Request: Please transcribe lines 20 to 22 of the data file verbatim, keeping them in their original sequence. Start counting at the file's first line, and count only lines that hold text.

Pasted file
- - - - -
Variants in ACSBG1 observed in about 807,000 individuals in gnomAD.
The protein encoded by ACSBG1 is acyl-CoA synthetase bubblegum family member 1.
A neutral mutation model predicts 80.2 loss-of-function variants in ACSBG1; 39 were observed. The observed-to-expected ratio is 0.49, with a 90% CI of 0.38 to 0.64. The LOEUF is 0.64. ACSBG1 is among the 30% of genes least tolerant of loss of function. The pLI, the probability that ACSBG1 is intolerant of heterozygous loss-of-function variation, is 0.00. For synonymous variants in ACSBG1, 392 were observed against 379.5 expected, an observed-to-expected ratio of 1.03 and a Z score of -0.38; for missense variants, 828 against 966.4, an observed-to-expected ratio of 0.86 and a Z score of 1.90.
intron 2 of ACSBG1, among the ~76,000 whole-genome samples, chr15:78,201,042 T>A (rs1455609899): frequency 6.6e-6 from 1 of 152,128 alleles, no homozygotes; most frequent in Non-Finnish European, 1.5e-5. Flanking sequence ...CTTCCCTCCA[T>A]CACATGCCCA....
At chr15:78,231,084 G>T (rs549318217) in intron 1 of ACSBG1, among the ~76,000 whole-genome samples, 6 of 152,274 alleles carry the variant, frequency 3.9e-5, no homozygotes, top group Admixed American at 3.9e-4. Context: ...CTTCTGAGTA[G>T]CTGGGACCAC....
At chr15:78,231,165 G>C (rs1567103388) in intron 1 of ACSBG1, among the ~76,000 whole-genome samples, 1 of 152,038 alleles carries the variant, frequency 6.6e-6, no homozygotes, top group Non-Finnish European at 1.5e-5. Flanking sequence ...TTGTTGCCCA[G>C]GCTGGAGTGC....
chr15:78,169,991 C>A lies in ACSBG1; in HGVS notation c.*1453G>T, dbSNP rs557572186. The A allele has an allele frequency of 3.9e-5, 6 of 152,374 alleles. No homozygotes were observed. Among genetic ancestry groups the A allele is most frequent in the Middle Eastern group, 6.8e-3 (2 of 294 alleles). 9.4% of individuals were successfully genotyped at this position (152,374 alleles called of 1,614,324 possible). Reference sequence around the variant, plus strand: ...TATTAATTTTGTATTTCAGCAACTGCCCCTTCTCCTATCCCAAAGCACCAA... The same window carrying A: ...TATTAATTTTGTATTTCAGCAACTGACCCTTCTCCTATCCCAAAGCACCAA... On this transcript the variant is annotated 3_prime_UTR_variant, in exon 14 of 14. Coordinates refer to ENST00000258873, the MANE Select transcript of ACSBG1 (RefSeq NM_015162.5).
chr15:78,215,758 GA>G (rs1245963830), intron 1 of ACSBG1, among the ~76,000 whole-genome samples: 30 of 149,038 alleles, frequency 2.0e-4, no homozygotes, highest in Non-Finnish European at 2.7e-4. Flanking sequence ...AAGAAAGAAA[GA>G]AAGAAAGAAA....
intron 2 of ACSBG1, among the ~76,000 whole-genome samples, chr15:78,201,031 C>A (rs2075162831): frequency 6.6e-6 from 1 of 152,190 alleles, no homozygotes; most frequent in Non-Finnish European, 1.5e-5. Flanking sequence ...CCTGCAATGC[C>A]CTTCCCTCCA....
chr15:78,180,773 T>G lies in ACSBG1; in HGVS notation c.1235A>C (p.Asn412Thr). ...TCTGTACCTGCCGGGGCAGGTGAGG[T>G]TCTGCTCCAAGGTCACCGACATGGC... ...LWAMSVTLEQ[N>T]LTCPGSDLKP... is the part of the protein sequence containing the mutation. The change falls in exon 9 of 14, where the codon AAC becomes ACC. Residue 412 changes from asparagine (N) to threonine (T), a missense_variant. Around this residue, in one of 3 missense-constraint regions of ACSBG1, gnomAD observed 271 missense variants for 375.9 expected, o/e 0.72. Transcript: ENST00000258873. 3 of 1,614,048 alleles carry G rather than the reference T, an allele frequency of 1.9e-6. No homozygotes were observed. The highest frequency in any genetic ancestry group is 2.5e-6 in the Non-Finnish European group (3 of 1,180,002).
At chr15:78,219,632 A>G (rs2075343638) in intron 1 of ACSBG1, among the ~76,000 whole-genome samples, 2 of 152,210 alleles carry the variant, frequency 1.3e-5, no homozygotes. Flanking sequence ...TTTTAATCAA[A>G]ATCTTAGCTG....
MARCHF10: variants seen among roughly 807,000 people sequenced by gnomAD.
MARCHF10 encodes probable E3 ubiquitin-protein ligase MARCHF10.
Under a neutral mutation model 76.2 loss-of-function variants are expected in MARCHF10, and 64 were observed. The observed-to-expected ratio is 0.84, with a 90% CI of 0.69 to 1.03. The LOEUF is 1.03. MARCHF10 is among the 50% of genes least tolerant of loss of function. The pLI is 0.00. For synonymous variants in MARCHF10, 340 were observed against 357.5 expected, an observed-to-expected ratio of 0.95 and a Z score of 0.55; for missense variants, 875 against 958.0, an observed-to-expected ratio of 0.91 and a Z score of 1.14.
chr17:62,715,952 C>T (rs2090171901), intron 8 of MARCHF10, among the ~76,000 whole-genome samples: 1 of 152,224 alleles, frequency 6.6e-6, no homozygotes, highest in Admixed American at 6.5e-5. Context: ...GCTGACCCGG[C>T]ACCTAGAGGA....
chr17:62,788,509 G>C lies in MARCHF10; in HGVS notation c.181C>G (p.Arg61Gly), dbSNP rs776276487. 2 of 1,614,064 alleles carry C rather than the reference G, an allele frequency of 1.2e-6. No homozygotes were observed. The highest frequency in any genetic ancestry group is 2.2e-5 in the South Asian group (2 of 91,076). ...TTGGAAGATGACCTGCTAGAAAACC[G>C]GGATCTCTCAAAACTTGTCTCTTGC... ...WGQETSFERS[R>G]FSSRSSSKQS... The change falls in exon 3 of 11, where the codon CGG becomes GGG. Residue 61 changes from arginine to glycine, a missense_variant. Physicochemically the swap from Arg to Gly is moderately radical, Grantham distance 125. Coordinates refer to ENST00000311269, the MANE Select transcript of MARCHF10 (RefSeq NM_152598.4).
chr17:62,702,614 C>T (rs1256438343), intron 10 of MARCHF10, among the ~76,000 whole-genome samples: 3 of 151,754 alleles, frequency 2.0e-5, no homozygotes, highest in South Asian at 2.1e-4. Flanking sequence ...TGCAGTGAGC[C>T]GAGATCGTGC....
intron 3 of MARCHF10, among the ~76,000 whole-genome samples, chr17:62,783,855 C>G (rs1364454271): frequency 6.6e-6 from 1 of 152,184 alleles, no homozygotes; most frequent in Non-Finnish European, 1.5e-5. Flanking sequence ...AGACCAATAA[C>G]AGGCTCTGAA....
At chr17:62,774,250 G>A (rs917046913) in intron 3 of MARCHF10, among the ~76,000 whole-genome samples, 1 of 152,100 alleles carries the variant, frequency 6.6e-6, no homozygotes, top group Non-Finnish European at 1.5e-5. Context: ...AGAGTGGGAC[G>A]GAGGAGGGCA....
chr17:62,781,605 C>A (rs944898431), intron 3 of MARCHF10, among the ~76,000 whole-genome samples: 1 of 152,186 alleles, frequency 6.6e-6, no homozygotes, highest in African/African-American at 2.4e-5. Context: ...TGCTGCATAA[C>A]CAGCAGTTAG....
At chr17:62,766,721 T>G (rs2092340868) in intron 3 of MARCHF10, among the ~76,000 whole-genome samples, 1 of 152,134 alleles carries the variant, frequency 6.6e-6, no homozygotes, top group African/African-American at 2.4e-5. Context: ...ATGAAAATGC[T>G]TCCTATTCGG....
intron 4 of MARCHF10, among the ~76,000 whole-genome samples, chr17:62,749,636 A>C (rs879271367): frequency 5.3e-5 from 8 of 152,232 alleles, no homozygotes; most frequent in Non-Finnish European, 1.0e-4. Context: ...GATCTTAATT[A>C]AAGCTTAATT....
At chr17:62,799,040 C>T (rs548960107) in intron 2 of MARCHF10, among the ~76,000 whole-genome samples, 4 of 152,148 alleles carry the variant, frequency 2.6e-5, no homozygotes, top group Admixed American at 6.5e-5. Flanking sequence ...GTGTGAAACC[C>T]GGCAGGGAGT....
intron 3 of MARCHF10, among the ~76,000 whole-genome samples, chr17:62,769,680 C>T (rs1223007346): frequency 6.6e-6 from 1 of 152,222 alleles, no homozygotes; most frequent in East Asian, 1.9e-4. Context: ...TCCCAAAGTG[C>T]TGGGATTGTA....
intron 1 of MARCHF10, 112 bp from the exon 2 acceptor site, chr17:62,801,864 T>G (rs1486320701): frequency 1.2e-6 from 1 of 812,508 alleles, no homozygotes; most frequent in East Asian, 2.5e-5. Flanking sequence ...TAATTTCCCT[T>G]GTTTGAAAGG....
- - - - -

chr17:62,781,605 C>A (rs944898431), intron 3 of MARCHF10, among the ~76,000 whole-genome samples: 1 of 152,186 alleles, frequency 6.6e-6, no homozygotes, highest in African/African-American at 2.4e-5. Context: ...TGCTGCATAA[C>A]CAGCAGTTAG....
At chr17:62,766,721 T>G (rs2092340868) in intron 3 of MARCHF10, among the ~76,000 whole-genome samples, 1 of 152,134 alleles carries the variant, frequency 6.6e-6, no homozygotes, top group African/African-American at 2.4e-5. Context: ...ATGAAAATGC[T>G]TCCTATTCGG....
intron 4 of MARCHF10, among the ~76,000 whole-genome samples, chr17:62,749,636 A>C (rs879271367): frequency 5.3e-5 from 8 of 152,232 alleles, no homozygotes; most frequent in Non-Finnish European, 1.0e-4. Context: ...GATCTTAATT[A>C]AAGCTTAATT....